The Liberia Agriculture Commodity Regulatory Authority (LACRA), in its quest to regularize the cocoa trade and improve cocoa quality, has welcomed an invitation from Solidaridad-West Africa, to train its technical staff for effective service delivery across the cocoa sector of the country.
It can be recalled that in pre-war Liberia, particularly in the 1980s, the cocoa sector had a peak export rate to the extent that in 1981 cocoa exported from Liberia was around 16, 728 metric tons, a figure more than what the country exported in 1961 (670 metric tons).
But current export figures have been on a free-fall since the 90s, an occurrence many Liberians have attributed to the civil war (1989-2003) that resulted in the abandonment of cocoa farms across the country.
The abandonment of cocoa farms across the country has also resulted in a reduction in yield per annum and cocoa quality. But marketing regulation and institutional framework are other aspects of development that actors in the cocoa sector have flagged over the past years.
But on Monday, September 9, 2019 the Government of Liberia, through LACRA and in its quest to regularize cocoa trade and improve cocoa quality, welcomed the invitation from Solidaridad-West Africa to begin a five-day training of 22 technical staff for effective service delivery across the cocoa sector as well as cocoa quality control in Monrovia.
The training will cover, among others, national and EU regulations on cocoa quality and control as well as assessing cocoa for quality, good warehousing and transportation practices.
Cocoa Program Manager at Solidaridad-Liberia Boima Bafaie said Solidaridad, through the EU-funded Liberia Cocoa Sector Improvement Program (LICSIP), is supporting LACRA to plan policies and procedures that will improve the cocoa sector and ensure that standards of international market are adhered to.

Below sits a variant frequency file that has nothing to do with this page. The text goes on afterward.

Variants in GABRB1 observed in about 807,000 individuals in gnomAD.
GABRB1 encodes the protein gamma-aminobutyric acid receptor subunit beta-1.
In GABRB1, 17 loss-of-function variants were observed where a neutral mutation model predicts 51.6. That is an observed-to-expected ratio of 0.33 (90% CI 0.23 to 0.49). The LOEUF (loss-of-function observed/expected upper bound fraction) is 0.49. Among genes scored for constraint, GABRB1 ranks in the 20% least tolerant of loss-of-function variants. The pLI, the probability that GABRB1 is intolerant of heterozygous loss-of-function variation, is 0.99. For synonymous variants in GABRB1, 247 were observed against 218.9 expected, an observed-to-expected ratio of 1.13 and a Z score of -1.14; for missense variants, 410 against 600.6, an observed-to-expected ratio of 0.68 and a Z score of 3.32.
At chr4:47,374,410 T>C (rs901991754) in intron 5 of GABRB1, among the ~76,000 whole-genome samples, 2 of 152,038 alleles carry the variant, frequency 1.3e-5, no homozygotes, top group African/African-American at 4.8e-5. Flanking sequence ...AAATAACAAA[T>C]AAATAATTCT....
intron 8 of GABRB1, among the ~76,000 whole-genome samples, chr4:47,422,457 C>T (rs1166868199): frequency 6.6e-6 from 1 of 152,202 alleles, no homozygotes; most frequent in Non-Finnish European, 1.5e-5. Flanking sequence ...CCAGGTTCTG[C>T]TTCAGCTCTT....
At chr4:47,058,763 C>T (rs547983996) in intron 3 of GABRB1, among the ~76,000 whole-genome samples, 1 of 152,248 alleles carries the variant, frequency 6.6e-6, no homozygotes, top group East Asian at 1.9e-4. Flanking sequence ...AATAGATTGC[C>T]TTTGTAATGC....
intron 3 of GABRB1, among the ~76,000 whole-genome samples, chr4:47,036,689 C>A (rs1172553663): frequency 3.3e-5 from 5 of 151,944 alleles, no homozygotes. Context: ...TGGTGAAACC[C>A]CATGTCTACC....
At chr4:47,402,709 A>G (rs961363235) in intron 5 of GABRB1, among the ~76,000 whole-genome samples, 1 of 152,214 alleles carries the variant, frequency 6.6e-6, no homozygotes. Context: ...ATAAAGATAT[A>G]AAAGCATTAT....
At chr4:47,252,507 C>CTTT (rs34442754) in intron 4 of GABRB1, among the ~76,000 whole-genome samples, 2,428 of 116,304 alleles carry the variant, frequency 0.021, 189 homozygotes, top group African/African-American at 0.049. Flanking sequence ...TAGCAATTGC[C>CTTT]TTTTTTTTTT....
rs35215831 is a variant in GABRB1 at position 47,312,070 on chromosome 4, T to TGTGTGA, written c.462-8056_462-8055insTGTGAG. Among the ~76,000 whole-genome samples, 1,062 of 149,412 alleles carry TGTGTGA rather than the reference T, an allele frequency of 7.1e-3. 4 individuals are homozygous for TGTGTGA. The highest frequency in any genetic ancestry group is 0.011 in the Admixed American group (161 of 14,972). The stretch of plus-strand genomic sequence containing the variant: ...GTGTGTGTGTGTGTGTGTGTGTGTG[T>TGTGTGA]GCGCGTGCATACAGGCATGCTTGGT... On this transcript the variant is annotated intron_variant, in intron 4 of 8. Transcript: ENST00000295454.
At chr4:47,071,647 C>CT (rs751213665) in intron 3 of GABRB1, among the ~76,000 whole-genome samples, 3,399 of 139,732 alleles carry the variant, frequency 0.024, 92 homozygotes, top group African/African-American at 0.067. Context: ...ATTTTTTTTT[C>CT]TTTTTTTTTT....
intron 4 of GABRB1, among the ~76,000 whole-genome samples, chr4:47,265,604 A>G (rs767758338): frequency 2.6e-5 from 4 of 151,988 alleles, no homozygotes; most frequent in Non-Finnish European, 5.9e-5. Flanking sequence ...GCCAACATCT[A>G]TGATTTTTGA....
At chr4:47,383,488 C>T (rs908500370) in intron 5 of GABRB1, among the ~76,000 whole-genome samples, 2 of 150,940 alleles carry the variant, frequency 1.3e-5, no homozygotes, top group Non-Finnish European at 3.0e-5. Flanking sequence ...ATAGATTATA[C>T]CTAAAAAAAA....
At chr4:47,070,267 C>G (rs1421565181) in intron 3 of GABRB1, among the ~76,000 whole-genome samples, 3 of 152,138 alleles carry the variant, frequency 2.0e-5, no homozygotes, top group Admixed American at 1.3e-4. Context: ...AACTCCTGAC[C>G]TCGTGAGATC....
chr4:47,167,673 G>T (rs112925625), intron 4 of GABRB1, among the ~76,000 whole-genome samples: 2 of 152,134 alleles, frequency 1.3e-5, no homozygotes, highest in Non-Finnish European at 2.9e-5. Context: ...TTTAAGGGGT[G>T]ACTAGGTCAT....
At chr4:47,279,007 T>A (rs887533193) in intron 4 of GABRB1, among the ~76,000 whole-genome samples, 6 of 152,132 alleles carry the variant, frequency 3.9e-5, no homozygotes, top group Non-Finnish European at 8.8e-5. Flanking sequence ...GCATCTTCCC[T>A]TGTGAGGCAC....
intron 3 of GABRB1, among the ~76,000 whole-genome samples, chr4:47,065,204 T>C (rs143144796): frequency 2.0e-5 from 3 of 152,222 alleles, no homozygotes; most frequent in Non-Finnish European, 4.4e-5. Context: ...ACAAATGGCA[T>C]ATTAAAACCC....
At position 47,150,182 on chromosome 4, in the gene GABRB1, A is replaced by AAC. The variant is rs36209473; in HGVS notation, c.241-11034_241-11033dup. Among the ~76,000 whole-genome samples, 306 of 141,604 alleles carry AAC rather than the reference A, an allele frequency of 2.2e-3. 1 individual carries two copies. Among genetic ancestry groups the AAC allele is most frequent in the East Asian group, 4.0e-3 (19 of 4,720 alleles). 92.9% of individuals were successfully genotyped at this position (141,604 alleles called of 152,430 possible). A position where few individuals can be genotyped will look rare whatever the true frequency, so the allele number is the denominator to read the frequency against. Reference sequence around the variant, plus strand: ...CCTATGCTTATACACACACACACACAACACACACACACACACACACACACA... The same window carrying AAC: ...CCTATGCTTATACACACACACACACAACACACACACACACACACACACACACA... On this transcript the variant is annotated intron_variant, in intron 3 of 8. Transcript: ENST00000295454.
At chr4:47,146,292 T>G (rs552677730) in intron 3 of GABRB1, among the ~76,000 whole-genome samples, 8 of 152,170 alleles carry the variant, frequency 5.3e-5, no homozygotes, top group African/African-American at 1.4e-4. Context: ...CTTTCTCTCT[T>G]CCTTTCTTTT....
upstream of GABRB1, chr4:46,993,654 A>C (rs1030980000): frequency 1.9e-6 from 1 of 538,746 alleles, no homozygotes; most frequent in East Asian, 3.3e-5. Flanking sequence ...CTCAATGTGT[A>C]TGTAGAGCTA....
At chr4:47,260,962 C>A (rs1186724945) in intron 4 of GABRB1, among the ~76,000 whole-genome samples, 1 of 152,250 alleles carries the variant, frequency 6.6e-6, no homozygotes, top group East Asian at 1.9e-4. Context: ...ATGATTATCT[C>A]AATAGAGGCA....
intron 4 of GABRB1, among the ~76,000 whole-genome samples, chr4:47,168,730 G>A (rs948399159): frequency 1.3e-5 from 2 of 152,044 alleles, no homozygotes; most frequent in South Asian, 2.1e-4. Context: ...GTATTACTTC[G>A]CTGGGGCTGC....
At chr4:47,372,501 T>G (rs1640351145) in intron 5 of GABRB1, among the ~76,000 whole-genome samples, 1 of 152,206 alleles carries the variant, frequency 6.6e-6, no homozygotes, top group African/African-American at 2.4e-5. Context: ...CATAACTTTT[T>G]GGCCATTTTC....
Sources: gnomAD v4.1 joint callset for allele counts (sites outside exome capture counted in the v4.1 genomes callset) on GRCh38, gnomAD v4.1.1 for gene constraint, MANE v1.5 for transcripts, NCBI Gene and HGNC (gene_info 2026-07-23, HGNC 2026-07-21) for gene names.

He said that Solidaridad-Liberia has brought in two Ghanaian nationals to facilitate the training.
According to Bafaie, Kwasi Gorkeh-Sekyim, a retired managing director of Quality Control Company of Ghana (COCOBOD), and Emmanuel Oduro Owusu will also provide technical support to LACRA in order to develop the policy and regulatory framework of the cocoa sector in Liberia.
The Director-General of LACRA Dr. John Flomo, Jr., said that his institution is working to ensure that the integrity of Liberia’s agricultural produce will reflect the country’s integrity on the world market.
He said that LACRA did not come into existence as a marketing entity, but a regulatory entity that has set up a system for ensuring good cocoa quality. The system gives LACRA a space to trace cocoa quality from harvesting to storage stage.
Dr. Flomo said that his institution is setting up a regulatory system for development partners, to enable LACRA to gain a know-how about how development partners are helping in the cash crop sector.
He said that LACRA is developing a quality control lab as part of efforts to ensure that agricultural produce meet international standard.
Stephen Y. Mambu, Ministry of Commerce Director for National Standard Laboratory, said that the technical capacity of institutions is important in guaranteeing that export value of cocoa.
Mambu described Solidaridad-Liberia’s effort as a laudable venture to develop the capacity of LACRA’s technical staff.
In the same manner, a proxy for acting Agriculture Minister Randall Kolleh described as critical aspect cocoa quality control to attract foreign exchange, but said the training of technical staff is necessary if the agriculture sector would have a comparative advantage in Africa’s agricultural space.